Let me give you a little background, then try to see yourself from my point of view. I never used a "drug" in my first 30 years. Those first 30 were very hard on me. Working two to three jobs since the age of 17 just to afford the basics. Have been sick with some kind of disorder, disease, condition almost constantly since I was a child. Some of these include Fibromyalgia, endometriosis, cancer, IBD, arthritis in the ankle & foot that was decapitated then re-attached using metal pins & screws leaving me disabled for life two weeks before my 35th birthday, a few bleeding ulcers, a birth defect shutting off my nasal passages, I could go on but I think you get the picture. I've had over twenty surgeries in my almost 37 years. I have had a variety of jobs due to moving a lot, one of the best was when I worked at State Police HQ where I was drug tested & even had to take lie detector tests. I still have a stack of commendations on my behalf from higher ranking officers. I was raised by the most straight-laced, christian, Republican, still married after forty years, parents. Point is, I was raised in a sheltered, middle class, normal as it gets type of home. After my husband of five years(who was also a Baptist preacher's son) admitted he was bi & I got divorced, I crawled into a bottle of Crown. Wasn't a drinker until that point. I stayed drunk for three solid years trying to kill that pain. I ended up murdering my Pancreas. Now if I have one alcoholic drink at a holiday party I'm in the hospital for a week with all of my vital organs shutting down. Not even able to have a chip of ice to wet my whistle because the body can't process it. Thanks to alcohol. We're all big enough to also understand all of the other things that go with alcoholism, so I'll refrain from the rest of that story. Oh, & the cancer; my (then)boyfriend wouldn't quit smoking around me when they found it at the age of 17 the first time. It started in my uterus, traveled into my ovaries & caused me to have a surgery every five months for almost three years, a few over the years, then to finally have a hysterectomy at the age of 28 w/o having any kids. The doctors asked him repeatedly to stop smoking around me that it was the cause of the cancer being so aggressive. My parents have never smoked & I had to wear an eye-patch as a little girl when my uncle accidentally stuck his cig right in my eye, so I never smoked either. But I had to suffer from second hand smoke in the worst way, causing me to have "the most aggressive kind of cancer", thanks to cigarettes I wasn't even smoking. Now I have never been pro-pot, but I've always thought if it grows out of the ground, who cares what people do with it as long as it was never done around me. Not by my friends, not in my house, not in a house where I was visiting, nowhere around me and only because it was illegal. When I became permanently disabled I moved to a small town where I thought I could afford to live independently on just disability & live by some family in case I needed a little help. I was dating a guy who begged me to smoke some weed for months, saying it would make me feel so much better. I flat-out refused. I was also taking over 28 different meds at the time & couldn't hardly walk across the floor from the pain. But I didn't realize what he actually meant when he kept insisting I would feel better. One night while we were home alone watching movies I gave in. I'm not going to say it was love at first toke, because I didn't even smoke cigarettes so I didn't learn how to inhale properly for a few more tries. But once I did!! I could go on & on about what it could do for our economy, our health, our farmers, our green initiatives, but instead I'm going to tell you what it's done for me. I've been smoking it for medicinal & recreational use for about five years now. I take three pills per day now; an estrogen pill, a stomach pill, and an allergy pill. That's it! I feel so good some days I don't even have to use my cane. I'm more relaxed, happier, healthier than I've ever felt. Since I can't work I could smoke 24/7 if I wanted to, but I don't. I use it when needed, but don't have withdrawals if I can't get any either. If I go too long w/o any I can feel the old sickness creeping its way back in. It is illegal, at the moment, in the state I live in. So you mean to tell me, a decent, hard-working woman, who has been struck down by unfortunate illnesses & accidents, does what she can to help anyone in need(including any stray animal I see), has tried conventional medicine her whole life only to have it cause other very painful diseases(like IBD) and they don't even help, can't smoke or drink like anyone else with a vice, you would rather see me rot in jail without having the proper medical care I need than to see me smoke a bowl in my own house & not live off the taxpayers money? Is that what you want? I deserve to be incarcerated for using an herb/weed medicinally that grows from the ground, planted by God himself, because of things out of my control? Some things were caused by your prescribed drugs to begin with! And it's okay with you that a drink of legal alcohol could potentially kill me when I could smoke a field of pot & it wouldn't do anything besides make me happy, hungry or sleepy? By all means, if anything man-made can cause you to die, make it illegal. Oh wait a minute, then the medical industry would go under over night. And wait, yes sir - there goes the cigarettes & alcohol too. Coke, crack, meth - should be taken off the streets & sought out with a vengeance to keep people from ruining & losing their lives to, yes. Pill-pushing doctors who don't care that their patients are walking around like zombies after they reach there Rx quota for the month & the patients still have the same problem they went to the doctor for - arrest them! But this a weed we are talking about people. It has many qualities that we could use besides the medicinal, clothing, paper, toiletries, etc. It has changed the quality & reality of my life from suicidal with manic tendencies to a much more relaxed, peaceful, as pain-free as I'll ever be state. And you would have me locked up for it? Put yourself in our shoes. Debilitating pain every second of every day, one thing that grows from the earth can help you, but no one wants you to be able to get it. They would see you arrested before they see you almost pain-free & happy. Answer me this, why is it that you should live a full life but I should not?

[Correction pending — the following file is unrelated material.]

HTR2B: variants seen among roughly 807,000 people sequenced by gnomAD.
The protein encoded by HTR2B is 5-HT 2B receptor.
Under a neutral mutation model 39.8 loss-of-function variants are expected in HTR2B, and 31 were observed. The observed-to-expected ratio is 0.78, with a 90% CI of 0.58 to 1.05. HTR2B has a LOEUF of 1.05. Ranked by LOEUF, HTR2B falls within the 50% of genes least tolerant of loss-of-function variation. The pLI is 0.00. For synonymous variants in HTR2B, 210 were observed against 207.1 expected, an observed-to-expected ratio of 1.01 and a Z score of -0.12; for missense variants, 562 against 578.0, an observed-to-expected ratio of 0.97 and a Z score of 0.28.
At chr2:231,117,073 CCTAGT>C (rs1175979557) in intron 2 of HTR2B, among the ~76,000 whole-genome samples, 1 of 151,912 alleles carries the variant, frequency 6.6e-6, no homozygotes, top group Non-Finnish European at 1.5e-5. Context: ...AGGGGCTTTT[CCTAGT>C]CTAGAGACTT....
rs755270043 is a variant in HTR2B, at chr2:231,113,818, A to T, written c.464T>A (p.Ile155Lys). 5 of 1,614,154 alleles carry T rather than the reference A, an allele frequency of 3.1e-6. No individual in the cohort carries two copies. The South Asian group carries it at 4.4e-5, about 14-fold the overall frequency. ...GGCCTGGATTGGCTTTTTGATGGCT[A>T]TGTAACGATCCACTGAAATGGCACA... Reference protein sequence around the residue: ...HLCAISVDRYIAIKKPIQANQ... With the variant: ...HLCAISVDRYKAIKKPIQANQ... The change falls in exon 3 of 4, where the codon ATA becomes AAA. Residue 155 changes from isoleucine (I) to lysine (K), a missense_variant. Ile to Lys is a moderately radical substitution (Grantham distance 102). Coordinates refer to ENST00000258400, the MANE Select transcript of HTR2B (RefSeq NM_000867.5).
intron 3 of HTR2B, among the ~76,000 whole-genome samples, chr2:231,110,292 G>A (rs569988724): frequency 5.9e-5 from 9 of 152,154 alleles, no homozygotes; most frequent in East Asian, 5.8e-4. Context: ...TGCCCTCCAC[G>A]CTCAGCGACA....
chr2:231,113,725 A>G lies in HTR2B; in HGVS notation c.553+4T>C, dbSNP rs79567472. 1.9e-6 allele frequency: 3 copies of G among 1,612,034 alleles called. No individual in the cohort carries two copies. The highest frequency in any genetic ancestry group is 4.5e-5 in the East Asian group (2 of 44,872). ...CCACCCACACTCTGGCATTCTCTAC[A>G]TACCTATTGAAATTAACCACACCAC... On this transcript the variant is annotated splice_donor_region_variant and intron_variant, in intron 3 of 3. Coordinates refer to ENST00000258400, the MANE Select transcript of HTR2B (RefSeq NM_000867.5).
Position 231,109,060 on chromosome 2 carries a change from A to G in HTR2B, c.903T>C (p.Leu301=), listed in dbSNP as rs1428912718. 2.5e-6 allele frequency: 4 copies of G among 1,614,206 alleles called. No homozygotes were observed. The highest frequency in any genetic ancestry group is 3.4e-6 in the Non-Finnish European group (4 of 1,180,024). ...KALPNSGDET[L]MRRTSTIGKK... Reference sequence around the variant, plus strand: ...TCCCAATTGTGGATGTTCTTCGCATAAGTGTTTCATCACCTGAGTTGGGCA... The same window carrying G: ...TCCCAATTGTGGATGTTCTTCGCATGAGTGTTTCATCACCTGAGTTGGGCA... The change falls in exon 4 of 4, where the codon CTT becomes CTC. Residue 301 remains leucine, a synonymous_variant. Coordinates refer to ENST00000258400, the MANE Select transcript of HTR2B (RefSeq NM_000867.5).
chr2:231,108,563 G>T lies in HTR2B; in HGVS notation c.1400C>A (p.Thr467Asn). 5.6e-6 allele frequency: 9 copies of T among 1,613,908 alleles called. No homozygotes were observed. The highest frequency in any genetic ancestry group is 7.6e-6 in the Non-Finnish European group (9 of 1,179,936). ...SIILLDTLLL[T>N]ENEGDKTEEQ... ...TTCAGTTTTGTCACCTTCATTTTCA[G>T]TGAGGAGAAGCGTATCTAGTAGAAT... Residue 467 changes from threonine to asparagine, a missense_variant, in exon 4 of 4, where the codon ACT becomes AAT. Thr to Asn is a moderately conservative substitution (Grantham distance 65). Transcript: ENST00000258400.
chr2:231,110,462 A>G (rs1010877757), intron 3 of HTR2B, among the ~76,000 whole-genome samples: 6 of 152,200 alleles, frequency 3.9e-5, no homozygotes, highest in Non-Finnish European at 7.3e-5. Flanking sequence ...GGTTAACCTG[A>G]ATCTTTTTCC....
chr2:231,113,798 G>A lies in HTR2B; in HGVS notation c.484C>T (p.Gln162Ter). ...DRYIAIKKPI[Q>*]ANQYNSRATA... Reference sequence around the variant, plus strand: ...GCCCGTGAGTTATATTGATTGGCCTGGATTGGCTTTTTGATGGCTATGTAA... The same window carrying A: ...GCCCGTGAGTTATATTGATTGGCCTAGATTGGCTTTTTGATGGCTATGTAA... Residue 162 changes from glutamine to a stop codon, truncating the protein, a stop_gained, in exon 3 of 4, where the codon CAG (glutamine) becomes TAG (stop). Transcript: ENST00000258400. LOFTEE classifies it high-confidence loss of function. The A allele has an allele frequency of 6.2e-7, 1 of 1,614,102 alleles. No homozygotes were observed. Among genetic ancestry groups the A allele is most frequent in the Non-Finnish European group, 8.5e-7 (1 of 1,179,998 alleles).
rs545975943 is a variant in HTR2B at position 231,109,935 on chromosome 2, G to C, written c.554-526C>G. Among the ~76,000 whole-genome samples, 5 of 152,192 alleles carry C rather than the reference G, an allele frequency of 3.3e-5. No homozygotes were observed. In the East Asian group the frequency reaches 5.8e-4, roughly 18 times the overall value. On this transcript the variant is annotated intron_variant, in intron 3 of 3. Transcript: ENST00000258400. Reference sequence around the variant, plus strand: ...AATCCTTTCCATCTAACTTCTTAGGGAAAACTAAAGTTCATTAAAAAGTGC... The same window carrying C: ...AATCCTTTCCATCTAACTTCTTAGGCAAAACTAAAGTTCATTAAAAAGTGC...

Common Sense's picture

Think about it...